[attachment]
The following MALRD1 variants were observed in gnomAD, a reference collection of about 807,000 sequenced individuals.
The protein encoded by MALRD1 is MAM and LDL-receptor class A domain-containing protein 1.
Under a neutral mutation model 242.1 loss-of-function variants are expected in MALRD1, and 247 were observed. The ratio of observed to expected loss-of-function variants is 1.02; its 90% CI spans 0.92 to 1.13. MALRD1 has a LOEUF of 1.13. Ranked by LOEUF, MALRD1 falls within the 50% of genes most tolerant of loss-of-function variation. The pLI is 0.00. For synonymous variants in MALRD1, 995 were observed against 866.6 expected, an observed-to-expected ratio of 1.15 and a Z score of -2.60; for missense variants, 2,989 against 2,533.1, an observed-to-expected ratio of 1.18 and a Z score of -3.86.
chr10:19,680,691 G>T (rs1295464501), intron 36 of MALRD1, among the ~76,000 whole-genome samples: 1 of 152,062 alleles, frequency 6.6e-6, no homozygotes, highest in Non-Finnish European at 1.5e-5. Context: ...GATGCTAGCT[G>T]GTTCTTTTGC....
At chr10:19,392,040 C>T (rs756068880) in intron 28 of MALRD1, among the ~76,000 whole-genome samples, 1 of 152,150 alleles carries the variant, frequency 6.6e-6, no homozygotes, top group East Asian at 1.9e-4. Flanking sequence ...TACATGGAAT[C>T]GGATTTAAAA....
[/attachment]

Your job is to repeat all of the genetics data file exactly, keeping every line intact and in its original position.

The following MALRD1 variants were observed in gnomAD, a reference collection of about 807,000 sequenced individuals.
The protein encoded by MALRD1 is MAM and LDL-receptor class A domain-containing protein 1.
Under a neutral mutation model 242.1 loss-of-function variants are expected in MALRD1, and 247 were observed. The ratio of observed to expected loss-of-function variants is 1.02; its 90% CI spans 0.92 to 1.13. MALRD1 has a LOEUF of 1.13. Ranked by LOEUF, MALRD1 falls within the 50% of genes most tolerant of loss-of-function variation. The pLI is 0.00. For synonymous variants in MALRD1, 995 were observed against 866.6 expected, an observed-to-expected ratio of 1.15 and a Z score of -2.60; for missense variants, 2,989 against 2,533.1, an observed-to-expected ratio of 1.18 and a Z score of -3.86.
chr10:19,680,691 G>T (rs1295464501), intron 36 of MALRD1, among the ~76,000 whole-genome samples: 1 of 152,062 alleles, frequency 6.6e-6, no homozygotes, highest in Non-Finnish European at 1.5e-5. Context: ...GATGCTAGCT[G>T]GTTCTTTTGC....
At chr10:19,392,040 C>T (rs756068880) in intron 28 of MALRD1, among the ~76,000 whole-genome samples, 1 of 152,150 alleles carries the variant, frequency 6.6e-6, no homozygotes, top group East Asian at 1.9e-4. Flanking sequence ...TACATGGAAT[C>T]GGATTTAAAA....